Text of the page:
Friday, 12 March 2010

Film: Films with Twists


This is a disclaimer to prevent being hypercritical.

This post is about films with twists and the importance of not knowing the existence of the twist. If you don’t won’t the twists of a handful of films spoilt, you are advised to ignore the post after paragraph 4.

Thank you.

I just wanted to make that clear, so-

Narrative twists and shock endings, when pulled off with finesse, are precious tools: they can make-or-break a film; they can make you want to re-watch a film; or deliver a satisfying feeling as the carpet is suddenly pulled from beneath you.

But should a film contain a twist or a shock ending, no matter how great it is and no matter how excited one is about sharing it, it must be kept a secret.

Knowledge of the twist must be treated like a good hand in a game of poker: keep it tight to your chest, bluff and keep schtum.

If the viewer knows there's a twist or a shock ending they'll try and figure it out and they might figure it out. Even if they don’t figure it out the film won't really take them by surprise because the ‘surprise twist’ has become an expected occurrence; more of a damp squib, especially if they've concocted half a dozen better endings which, after all, they've had the time to do.
Critics often set a bad example by using the phrase 'its got a killer twist', which is a good selling point and provides the potential viewer with a challenge, though much to the detriment of the twist's impetus.

Shockingly, in Mark Kermode’s Sight and Sound review of Ringu (1998) he revealed the film's denouement - one of cinema’s most frightening scenes - which was surprising considering how highly he thought of the film; so why give away such a pivotal moment in a review, Mr Kermode? (I was glad I read his review once I had seen the film.)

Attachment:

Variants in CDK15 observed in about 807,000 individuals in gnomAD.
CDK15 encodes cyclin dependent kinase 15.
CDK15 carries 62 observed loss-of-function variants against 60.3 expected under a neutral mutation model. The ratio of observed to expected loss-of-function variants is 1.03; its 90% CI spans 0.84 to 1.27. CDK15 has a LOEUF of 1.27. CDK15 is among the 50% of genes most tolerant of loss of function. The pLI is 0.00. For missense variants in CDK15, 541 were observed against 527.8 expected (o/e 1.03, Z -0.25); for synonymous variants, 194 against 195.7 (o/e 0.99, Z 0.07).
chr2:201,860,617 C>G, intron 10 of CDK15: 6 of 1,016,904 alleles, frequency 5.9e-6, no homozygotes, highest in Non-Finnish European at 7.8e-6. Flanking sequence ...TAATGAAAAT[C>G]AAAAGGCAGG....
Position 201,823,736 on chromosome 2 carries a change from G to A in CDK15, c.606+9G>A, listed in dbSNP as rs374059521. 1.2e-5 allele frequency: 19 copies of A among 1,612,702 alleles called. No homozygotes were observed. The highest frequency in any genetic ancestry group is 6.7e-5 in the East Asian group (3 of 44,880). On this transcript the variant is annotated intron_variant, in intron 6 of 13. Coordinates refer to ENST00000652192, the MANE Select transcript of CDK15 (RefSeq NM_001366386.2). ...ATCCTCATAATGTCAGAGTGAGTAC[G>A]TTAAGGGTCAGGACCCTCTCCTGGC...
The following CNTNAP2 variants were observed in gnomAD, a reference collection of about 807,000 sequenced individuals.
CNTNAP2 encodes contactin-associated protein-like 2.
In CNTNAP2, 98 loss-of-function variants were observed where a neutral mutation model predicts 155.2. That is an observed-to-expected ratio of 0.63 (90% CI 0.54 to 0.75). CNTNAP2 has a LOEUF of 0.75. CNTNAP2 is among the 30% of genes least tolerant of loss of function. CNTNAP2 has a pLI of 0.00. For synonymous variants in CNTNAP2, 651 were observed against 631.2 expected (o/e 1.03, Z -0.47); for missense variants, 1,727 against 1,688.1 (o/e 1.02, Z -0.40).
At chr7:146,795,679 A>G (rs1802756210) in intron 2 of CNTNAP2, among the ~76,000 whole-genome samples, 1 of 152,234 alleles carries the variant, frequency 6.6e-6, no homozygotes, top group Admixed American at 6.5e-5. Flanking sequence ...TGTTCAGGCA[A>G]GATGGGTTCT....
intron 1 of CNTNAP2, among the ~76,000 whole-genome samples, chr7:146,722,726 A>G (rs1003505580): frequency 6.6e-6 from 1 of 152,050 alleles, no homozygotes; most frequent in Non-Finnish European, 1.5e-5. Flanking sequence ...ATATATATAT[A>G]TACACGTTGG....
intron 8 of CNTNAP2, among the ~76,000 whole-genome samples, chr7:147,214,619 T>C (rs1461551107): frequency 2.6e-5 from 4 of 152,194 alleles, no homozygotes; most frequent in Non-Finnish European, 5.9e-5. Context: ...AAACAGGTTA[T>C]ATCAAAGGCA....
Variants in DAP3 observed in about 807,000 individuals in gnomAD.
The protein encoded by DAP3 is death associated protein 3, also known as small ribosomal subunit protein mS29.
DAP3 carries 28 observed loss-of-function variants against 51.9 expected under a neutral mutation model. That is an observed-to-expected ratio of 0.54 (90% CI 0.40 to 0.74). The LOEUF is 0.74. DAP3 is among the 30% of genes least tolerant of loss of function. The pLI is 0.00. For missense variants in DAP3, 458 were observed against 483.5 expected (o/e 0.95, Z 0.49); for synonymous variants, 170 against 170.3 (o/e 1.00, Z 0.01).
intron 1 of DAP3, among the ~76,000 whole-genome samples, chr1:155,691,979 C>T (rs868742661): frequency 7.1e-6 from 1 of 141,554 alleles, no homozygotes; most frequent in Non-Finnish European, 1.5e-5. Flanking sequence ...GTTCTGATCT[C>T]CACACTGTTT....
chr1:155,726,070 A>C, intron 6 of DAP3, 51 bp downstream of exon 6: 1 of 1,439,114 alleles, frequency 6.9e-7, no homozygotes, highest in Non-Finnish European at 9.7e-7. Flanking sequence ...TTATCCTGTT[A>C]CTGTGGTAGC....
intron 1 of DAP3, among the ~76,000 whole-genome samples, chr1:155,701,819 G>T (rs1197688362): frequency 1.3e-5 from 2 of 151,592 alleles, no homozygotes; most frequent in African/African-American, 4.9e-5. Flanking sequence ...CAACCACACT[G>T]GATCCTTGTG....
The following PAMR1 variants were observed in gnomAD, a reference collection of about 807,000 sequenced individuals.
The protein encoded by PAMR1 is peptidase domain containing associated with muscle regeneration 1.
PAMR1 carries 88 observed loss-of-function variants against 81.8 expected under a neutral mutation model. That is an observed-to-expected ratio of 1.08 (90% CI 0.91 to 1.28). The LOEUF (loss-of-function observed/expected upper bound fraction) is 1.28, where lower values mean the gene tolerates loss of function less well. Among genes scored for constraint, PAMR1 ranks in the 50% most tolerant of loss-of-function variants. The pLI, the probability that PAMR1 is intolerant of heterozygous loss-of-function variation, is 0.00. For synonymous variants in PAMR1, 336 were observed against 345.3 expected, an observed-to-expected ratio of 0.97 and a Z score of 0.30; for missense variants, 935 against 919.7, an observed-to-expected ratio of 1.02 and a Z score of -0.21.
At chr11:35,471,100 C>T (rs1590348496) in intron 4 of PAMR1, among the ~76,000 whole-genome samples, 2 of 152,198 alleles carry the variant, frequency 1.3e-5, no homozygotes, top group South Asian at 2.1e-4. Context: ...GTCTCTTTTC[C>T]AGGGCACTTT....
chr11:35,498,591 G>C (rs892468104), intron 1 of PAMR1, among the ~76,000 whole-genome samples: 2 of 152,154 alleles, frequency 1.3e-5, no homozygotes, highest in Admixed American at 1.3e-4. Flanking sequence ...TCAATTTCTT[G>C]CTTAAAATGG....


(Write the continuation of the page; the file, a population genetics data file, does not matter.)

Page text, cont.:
In terms of concealing a film's shock ending, I'd argue that the poster campaign for Neil La Bute’s The Wicker Man (2006) was far more effective than the 1973 original (though the same can’t be said for the film) by omitting the eponymous 'wicker man', therefore leaving what the title refers to to the viewer’s imagination, until the final reel.

The shock of the original The Wicker Man’s final moments remain effective but surely the final reel would have had its shock factor raised a few notches if the poster didn't give away what the eponymous wicker man was.

For me the best way to watch a film is to know as little about it as possible. The less I know about its plot, set-pieces, dialogue, even the milieu the better; I want the first viewing to be as fresh as possible.

This means avoiding previews. I find it best to stick to teaser trailers (if possible). Previews show too much, flaunting the film's best moments - although to be fair, previews are better than they used to be in that they run at such a break neck speed much of the action is subliminal, unlike earlier previews.
A good example of a teaser trailer that offers only the slightest flavour - but enough of a flavour for you to take the bait - is Christopher Nolan's Inception (2010), see it here.

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